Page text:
The three researchers hoped it might be possible to extend their result to three-player games, and Daskalakis tackled the problem with his customary enthusiasm. But it proved a struggle, and one day, after thinking about it hard, Daskalakis felt ready to give up, at least for the time being. He turned on his laptop to check some emails, but the laptop crashed.

As Daskalakis waited out a lengthy scan of the hard drive, he turned his attention back to the three-player problem — and in an instant he knew how to solve it. In retrospect, he realizes that he must have already solved the problem in some inaccessible part of his mind. Pencil-and-paper calculations have their role, he said, but only after the initial insight.

After a blog post about his award went viral, the president of Greece invited him for a visit, and documentaries about him aired on Greek television again and again.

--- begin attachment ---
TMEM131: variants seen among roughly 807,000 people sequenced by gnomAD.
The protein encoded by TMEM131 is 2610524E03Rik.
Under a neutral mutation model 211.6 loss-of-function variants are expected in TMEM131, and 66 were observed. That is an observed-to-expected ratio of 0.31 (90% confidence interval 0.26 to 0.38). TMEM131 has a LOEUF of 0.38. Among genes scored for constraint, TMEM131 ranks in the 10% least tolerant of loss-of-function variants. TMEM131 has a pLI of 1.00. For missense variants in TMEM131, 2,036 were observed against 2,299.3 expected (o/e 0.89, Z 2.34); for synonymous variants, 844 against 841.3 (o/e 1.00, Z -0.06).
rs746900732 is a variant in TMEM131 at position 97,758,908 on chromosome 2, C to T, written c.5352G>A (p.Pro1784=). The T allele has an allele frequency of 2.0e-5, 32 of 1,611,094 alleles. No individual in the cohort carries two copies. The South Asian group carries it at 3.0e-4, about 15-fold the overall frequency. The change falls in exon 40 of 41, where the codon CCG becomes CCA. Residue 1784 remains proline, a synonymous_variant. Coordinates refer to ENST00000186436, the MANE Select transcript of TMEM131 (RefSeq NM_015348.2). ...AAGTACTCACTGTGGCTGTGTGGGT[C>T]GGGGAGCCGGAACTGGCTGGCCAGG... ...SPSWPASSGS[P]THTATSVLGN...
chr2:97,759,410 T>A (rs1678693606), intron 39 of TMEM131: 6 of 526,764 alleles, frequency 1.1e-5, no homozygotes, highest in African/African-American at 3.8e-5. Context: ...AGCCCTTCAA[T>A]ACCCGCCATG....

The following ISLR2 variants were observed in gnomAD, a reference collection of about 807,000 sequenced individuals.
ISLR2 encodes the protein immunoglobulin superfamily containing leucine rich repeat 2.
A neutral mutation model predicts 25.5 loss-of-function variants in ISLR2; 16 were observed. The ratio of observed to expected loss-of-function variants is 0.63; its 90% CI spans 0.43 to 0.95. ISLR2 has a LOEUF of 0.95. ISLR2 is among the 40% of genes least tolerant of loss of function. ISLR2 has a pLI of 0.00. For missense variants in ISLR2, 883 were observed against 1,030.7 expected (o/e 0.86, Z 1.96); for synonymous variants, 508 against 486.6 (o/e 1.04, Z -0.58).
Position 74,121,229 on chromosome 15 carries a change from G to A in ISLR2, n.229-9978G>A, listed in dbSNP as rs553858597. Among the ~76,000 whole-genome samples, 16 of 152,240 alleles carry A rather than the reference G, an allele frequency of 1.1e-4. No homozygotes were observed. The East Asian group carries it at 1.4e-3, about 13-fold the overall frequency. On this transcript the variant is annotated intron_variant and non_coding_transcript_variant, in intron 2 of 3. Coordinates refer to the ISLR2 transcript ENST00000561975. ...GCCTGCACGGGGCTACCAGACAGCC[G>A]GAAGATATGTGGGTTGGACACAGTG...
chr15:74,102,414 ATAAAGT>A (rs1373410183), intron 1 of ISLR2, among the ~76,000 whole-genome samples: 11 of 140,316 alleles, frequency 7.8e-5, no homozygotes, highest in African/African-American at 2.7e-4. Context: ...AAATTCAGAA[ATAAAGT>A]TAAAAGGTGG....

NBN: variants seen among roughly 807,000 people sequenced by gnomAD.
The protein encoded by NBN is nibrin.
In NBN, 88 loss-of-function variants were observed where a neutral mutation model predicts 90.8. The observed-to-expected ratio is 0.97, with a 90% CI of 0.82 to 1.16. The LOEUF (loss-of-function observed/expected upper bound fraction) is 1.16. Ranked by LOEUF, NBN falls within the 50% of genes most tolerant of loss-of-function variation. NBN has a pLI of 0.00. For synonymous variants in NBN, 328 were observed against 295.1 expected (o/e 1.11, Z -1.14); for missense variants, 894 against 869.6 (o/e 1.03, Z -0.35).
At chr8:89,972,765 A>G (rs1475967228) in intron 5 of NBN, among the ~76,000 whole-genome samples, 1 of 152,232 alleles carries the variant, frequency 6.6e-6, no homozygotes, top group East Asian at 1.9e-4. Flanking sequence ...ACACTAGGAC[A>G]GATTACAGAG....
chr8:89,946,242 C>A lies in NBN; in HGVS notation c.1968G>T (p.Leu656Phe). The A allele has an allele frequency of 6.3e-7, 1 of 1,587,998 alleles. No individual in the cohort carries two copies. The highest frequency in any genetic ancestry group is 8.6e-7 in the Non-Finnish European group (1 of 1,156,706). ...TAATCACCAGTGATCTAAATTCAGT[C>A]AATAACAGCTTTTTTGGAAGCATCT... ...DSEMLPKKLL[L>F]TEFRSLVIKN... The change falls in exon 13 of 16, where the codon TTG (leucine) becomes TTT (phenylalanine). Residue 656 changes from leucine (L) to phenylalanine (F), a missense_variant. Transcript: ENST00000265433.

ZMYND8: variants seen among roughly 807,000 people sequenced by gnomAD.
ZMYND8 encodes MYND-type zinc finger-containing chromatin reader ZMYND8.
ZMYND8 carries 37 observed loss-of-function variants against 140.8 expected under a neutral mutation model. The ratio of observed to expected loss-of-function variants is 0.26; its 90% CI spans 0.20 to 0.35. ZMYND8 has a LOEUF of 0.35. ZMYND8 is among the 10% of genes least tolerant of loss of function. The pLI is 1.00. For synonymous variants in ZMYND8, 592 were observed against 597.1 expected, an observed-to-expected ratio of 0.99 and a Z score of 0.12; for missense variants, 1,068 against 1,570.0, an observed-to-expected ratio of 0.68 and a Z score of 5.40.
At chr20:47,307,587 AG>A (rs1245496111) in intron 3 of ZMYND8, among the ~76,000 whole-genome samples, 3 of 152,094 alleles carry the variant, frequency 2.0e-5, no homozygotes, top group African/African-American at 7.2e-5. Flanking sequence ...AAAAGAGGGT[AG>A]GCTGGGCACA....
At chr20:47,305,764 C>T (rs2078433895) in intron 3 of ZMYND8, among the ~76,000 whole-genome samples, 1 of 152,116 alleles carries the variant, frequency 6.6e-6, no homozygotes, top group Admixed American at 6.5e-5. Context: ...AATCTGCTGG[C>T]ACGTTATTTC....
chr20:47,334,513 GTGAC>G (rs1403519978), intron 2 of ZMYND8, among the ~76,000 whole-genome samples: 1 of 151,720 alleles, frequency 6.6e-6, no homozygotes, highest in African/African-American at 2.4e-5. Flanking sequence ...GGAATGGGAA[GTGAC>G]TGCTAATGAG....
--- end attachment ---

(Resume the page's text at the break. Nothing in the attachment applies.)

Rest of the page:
dblp: Constantinos Daskalakis

He remembers once accompanying Daskalakis to a Greek restaurant in Boston that featured live musicians. In the group of extremely smart and talented people I am blessed to interact with, John Nash offered me one of the most intriguing conversations I have ever had. TNH: In you solved another challenging social problem that had been unresolved for thirty years.

What was it about? CD: As a whole, my research focuses on computational problems at the interface of Computer Science and Economics, particularly those relating to the design and study of the Internet. In addition to being a remarkable computational system, the Internet is also a complex socio-economic system that lacks centralized design or governance.

Gautam Kamath